Washington – U.S. President Barack Obama kicked off a bus tour Monday of three Midwestern states in an attempt to halt the Republicans' surge in popularity among voters and boost his sagging approval ratings.
Obama, whose popularity rating is below 40 percent according to the latest polls, is focusing the message of his tour of Minnesota, Iowa and Illinois on job creation, the problem that most concerns voters at the moment.
The message is his attempt to regain the initiative after two weeks of political brawling about the debt ceiling and last weekend's Iowa Straw Poll, which showed Tea Party favorite Michelle Bachmann leading the Republican presidential hopefuls.
At a town hall with voters Monday in Cannon Falls, Minnesota, the president asked for their help in advancing job-creation measures.
"There is no shortage of ideas to put people to work right now. What is needed is action on the part of Congress," Obama told the crowd. "You've got to send a message to Washington that it is time for the games to stop, it is time to put country first."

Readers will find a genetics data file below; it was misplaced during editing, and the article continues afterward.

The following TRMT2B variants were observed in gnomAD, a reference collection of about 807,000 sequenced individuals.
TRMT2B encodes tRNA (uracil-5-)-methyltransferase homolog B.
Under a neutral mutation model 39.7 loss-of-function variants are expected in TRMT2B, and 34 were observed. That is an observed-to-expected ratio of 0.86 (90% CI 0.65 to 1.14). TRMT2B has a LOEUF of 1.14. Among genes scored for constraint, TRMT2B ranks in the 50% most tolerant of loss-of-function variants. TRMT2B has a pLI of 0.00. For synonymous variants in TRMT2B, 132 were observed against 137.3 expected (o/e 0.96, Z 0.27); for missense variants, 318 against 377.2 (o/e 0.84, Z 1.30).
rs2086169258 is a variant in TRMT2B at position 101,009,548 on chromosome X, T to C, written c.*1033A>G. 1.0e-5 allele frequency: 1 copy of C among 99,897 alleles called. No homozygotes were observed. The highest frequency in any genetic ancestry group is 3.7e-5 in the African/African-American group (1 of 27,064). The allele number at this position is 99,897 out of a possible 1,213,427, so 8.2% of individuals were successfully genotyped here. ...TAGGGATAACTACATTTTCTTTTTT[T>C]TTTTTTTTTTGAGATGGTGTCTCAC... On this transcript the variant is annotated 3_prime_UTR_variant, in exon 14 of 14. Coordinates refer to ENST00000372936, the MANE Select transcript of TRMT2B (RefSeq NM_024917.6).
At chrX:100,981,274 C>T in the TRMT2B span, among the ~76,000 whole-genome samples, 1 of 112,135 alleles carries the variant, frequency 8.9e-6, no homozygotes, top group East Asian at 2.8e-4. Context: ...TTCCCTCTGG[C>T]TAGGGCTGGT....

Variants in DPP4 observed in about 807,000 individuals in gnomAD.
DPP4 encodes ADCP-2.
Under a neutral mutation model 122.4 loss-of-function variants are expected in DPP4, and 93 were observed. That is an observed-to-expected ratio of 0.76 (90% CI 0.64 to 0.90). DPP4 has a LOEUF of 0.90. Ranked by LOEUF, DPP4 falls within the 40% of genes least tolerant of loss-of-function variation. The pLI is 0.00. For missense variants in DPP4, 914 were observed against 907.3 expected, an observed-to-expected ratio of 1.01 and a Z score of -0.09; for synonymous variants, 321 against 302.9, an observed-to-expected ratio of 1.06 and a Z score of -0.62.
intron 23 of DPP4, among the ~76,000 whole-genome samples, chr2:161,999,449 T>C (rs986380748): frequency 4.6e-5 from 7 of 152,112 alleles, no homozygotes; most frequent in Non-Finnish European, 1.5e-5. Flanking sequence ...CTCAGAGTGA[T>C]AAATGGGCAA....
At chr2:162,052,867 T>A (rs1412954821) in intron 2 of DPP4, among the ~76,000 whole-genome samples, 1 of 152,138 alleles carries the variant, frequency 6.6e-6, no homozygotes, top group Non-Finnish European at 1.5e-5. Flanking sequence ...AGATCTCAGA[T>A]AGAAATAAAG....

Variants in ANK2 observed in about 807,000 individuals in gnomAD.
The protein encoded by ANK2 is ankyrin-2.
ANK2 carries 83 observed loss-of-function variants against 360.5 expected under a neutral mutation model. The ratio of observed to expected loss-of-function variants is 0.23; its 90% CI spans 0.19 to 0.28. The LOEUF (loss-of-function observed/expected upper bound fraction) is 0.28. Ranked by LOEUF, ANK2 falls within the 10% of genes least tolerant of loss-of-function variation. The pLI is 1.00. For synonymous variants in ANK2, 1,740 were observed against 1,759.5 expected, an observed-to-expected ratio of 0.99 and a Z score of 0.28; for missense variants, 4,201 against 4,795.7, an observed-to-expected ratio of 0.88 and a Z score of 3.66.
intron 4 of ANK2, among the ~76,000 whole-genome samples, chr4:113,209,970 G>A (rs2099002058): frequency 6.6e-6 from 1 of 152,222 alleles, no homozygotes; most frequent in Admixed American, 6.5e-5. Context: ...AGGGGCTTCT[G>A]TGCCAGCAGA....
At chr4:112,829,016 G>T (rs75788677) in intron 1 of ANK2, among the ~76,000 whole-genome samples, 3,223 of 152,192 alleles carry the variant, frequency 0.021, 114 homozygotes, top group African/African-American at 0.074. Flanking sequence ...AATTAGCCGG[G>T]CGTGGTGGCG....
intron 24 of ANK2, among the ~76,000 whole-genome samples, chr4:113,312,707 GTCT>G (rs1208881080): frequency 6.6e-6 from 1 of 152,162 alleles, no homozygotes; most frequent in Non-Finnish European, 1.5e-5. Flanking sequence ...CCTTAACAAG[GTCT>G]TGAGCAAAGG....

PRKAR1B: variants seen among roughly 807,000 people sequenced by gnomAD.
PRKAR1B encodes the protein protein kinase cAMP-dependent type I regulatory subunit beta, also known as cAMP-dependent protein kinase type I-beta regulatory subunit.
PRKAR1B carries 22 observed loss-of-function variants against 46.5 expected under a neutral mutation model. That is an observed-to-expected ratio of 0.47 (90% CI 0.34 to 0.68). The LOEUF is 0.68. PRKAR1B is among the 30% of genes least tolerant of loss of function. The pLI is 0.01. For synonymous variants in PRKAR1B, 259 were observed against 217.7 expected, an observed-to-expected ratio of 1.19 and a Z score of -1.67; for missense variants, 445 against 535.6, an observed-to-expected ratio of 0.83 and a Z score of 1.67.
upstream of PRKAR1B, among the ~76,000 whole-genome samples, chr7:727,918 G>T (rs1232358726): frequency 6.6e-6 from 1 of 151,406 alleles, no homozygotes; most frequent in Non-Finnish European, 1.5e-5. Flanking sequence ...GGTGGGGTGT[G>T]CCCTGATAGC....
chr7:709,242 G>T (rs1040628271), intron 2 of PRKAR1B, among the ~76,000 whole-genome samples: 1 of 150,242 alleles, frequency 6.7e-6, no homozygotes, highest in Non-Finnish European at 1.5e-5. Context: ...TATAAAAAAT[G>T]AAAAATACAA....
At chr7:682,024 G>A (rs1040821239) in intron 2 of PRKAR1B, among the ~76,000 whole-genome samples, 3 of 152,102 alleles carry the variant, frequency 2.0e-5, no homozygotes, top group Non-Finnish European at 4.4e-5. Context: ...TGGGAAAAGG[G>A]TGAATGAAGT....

"I'm not here just to enjoy the nice weather, I'm here to enlist you in the fight," he said. "We are fighting for the future of the country."
The president was to take part Monday afternoon in another town hall in Decorah, Iowa, where he will spend the night before continuing his first bus tour since becoming president in 2009.
Obama's visit to an area that supported him in the 2008 elections comes at a time of great anxiety in the United States because of the instability of the markets, the weak economic recovery and an unemployment rate of 9.1 percent, all of which have contributed to his decline in popularity.
According to the daily survey by the Rassmussen firm, only 20 percent of voters "strongly approve" of Obama's administration, while 42 percent "strongly disapprove."
At the same time a Gallup poll released Sunday showed that Obama's approval rating slipped to a new low of 39 percent, compared with a 54 percent disapproval of his administration.
Though Obama insists that he inherited the problems afflicting the United States, Republicans reply that his policies have made the situation worse with the loss of 2.4 million jobs since 2009 and a $3.9 trillion increase in the national debt.
Over the past year, the labor market had an average growth of 105,000 jobs a month, fewer than the usual monthly average of 125,000. However, job growth in July reached 117,000, a considerably better figure than analysts expected.